I say the road stops here. The Jets beat a weak Indianapolis team and a New England team that was ripe for beating after having the momentum of the previous two months derailed by the bye week.
As great as the Patriots were this season, they are very green on defense and it showed last week. The Steelers defense is a different animal and they will spend the afternoon harassing Mark Sanchez who is going to have to win this game himself because no one runs effectively against the Steelers.
Does anyone in the world think Sanchez has what it takes to carry an offense on the road against the league’s best defense in freezing cold weather, where he tends to really struggle? Didn’t think so.
New York’s defense is rock solid and should keep the game close for much of the afternoon, but Roethlisberger will eventually be helped by a turnover or two that will put the Steelers over the top.
Thankfully we won’t have to listen to Rex Ryan and Bart Scott run their mouths for the next two weeks. Steelers move on, 21-10.
Last week: 3-1
The NFL Playoffs are off to a great start and so are my predictions.
Three of Wild Card Weekend’s four games were decided on the final possession and I finished 3-for-4, only missing on the Saints-Seahawks, but just about everyone was in the wrong there.
The most intriguing part about the Divisional Playoffs is that all four games are rematches from the regular season. The Steelers and Ravens, and Jets and Patriots played eachother twice in divisional play. Seattle and Chicago battled in Week 6, and Green Bay and Atlanta went at it just after Thanksgiving.
Of the six games between the teams, four were decided by a field goal, so fans should be in for more late-game drama this weekend.
What happened during the regular season: These bitter rivals split the season series with each team scoring a three-point road win.
There are times when three-point games aren’t as close as the score indicates, but that wasn’t the case here. The Ravens won 17-14 in Pittsburgh thanks to an 18-yard touchdown pass from Joe Flacco to T.J. Houshmandzadeh with 32 seconds remaining. Pittsburgh returned the favor two months later when Ben Roethlisberger found Issac Redman for a nine-yard score with just under three minutes left, vaulting the Steelers to a 13-10 victory.
Why Pittsburgh will win the rubber: There are a number of reasons to pick from. They’re at home. They’re rested. They have Big Ben. Their defense is better.
I think it boils down to playing with a healthy Roethlisberger because when they do, they almost never lose to Baltimore. He has won six straight and is 8-2 in 10 career starts against the Ravens, including a win in the 2009 AFC Championship Game at Heinz Field.
Roethlisberger threw for 253 yards and a touchdown in his lone start against Baltimore this season. He missed the first meeting while serving a suspension and Pittsburgh still only lost by three.
Like every game between the NFL’s two most physical teams, this game is going to be a bloodbath. Having last weekend off will have the Steelers fresher late in the game and that might be the difference.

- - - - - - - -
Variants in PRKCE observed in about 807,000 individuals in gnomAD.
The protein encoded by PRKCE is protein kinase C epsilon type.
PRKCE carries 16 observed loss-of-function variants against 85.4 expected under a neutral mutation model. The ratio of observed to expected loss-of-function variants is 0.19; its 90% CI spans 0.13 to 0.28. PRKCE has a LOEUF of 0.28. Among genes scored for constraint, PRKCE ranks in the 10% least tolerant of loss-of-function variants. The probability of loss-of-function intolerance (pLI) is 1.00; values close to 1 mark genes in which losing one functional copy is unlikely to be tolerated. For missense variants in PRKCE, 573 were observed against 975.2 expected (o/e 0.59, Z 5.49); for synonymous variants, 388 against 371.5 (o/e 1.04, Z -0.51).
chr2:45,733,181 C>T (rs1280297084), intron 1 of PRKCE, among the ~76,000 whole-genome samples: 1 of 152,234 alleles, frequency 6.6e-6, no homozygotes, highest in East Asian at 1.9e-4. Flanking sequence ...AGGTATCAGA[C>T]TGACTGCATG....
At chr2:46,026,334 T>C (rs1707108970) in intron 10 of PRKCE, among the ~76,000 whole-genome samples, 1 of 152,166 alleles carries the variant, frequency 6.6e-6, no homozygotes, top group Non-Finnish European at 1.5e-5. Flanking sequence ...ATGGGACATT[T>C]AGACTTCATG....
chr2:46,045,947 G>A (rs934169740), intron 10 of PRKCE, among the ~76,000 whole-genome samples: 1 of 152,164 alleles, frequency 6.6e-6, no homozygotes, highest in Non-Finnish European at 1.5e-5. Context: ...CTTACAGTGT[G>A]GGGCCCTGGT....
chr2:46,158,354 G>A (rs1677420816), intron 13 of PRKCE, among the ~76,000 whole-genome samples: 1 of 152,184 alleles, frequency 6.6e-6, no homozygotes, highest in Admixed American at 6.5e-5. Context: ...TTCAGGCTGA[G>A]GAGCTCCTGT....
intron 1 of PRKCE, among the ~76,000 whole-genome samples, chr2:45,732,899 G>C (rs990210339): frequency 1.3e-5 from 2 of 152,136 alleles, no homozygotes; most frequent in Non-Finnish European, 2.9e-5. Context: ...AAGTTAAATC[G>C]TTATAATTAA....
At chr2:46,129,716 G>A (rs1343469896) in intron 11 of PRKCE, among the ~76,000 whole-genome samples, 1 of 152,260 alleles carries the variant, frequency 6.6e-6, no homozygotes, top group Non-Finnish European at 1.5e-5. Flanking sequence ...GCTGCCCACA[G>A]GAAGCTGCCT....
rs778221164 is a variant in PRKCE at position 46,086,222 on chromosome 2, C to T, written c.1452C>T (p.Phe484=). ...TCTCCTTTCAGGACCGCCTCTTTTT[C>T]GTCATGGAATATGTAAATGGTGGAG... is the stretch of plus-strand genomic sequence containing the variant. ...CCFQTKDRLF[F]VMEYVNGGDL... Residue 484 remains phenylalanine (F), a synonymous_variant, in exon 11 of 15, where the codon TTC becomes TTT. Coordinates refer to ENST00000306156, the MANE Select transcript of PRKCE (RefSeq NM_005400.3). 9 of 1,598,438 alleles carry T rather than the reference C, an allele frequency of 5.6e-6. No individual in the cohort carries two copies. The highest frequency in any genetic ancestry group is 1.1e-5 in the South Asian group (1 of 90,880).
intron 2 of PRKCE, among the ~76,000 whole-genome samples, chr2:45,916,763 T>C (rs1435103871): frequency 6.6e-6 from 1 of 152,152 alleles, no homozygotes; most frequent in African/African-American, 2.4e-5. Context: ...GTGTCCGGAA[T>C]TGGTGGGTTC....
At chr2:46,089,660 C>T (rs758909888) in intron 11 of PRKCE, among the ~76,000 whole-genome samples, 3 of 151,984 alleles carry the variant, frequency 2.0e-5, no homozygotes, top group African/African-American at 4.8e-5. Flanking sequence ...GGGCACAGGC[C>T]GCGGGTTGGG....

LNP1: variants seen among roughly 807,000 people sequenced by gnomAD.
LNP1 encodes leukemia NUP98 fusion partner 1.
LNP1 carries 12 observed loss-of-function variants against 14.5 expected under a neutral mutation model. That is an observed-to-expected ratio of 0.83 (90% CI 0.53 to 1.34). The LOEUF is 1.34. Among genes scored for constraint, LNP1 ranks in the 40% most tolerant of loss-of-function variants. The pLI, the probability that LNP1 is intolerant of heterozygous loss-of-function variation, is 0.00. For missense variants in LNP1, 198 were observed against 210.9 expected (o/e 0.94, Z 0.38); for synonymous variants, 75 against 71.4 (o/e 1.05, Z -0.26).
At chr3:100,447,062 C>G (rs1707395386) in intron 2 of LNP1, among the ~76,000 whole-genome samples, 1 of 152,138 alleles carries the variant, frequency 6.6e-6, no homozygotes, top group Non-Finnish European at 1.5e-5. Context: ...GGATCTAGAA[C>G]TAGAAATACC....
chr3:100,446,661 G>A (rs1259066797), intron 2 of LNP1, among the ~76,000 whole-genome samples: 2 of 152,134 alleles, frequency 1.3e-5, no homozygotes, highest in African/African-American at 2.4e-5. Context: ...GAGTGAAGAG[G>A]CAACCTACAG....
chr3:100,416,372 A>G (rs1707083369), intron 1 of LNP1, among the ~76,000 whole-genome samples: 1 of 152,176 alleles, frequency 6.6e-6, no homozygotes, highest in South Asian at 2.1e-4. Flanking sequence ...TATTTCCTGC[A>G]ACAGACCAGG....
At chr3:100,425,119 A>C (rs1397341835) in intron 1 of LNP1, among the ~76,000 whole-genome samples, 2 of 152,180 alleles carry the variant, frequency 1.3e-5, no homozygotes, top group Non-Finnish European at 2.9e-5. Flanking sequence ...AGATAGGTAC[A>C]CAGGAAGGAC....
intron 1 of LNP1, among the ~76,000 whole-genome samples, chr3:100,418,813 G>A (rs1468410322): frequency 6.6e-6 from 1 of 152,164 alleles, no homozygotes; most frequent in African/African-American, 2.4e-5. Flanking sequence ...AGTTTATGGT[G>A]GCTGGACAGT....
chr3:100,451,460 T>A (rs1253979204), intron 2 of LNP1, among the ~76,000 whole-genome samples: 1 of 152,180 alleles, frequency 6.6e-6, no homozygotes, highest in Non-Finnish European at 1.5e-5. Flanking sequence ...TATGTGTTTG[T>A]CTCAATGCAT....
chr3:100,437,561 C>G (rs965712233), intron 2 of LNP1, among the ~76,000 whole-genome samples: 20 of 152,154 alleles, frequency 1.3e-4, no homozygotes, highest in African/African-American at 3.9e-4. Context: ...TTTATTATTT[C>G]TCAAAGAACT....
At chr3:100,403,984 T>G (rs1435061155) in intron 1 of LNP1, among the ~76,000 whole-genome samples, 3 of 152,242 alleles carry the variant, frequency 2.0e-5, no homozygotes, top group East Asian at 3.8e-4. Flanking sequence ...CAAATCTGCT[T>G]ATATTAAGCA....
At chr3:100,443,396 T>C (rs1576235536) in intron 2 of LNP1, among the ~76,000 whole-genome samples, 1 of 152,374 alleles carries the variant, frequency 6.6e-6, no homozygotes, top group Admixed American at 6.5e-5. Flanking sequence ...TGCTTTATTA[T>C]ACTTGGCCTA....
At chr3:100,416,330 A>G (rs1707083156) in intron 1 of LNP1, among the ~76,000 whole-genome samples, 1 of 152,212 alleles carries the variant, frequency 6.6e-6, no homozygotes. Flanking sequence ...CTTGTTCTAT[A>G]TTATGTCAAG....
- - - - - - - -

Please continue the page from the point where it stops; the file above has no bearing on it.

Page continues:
Why Baltimore will win the rubber: Simply because the Ravens are due to win one of these games. It’s weak reasoning, I know, but it truly is that cut and dry.
Look at the box scores from recent games between these two and you’d be hard pressed to find one standout performer on either offense, which is usually where analysts look when searching for a reason to pick a team. These games are controlled by the defense and the winner is usually the one who has the ball last or the team whose offense is set up with great field position thanks to a turnover created by the defense.
In fact, that’s how both won their game during the regular season. Baltimore’s game-winning drive in Week 4 was a four-play, 40-yard drive. Pittsburgh’s was three plays and nine yards. Not exactly John Elway versus Cleveland.
Ray Rice didn’t muster a game’s worth of production in two against Pittsburgh’s defense and Flacco was just okay. One of them needs to step up and Ray Lewis, Terrell Suggs and Co. must make the Steelers’ offense one dimensional. If they do that and create a perfectly timed turnover, the Ravens will break through.
They almost did it on this field in 2009 when Flacco was still in diapers. Let’s see how far he’s come.
Prediction: Unless Ray Rice has a monster game, I don’t see Baltimore winning. The Steelers are rested and playing at home. The Ravens are playing their second road game in six days. That will have a big impact down the stretch. Roethlisberger delivers again. Steelers win, 16-12.
What happened in the regular season: The host Falcons defeated the Packers 20-17 in their Week 12 matchup.
The Falcons took the lead three times and each time the Packers responded with a score of their own. Their final rebuttal came with 56 seconds left when Aaron Rodgers hit Jordy Nelson from 10 yards out, tying the game at 17.
Matt Ryan answered by marching Atlanta 20 yards in six plays to set up Matt Bryant’s game-clinching 47-yard field goal.
Why Atlanta will win the rematch: Because they’re the NFC’s best team and have been all season. Consider this: of the Falcons’ three losses, one was in overtime at Pittsburgh, and one came in the final minutes against the Saints in a game they basically gave away after leading for much of it.
Their only bad showing came in mid-October, a 31-17 shellacking at Philadelphia.
The Falcons offense reminds me of the Cowboys unit from the mid-90′s. Ryan is Troy Aikman in that he doesn’t always overwhelm you with numbers, but he wins with efficiency and always seems to deliver when he is needed most. Micheal Turner is Emmitt Smith; a small bruiser of a running back that mixes power with speed and always ranks among the top three backs in football. Roddy White looks a lot like Michael Irvin because he serves as a big target for his quarterback and is great as a possession receiver or a deep threat.
Dallas had more to work with at backside receiver, but with respect to Jay Novacek, Atlanta has a much better tight end in Tony Gonzalez.
It’s going to take a great performance to beat arguably the NFL’s most sound team with that three-headed monster. Add that to the fact that Ryan has a 20-2 record at the Georgia Dome and it becomes very difficult to bet against Atlanta.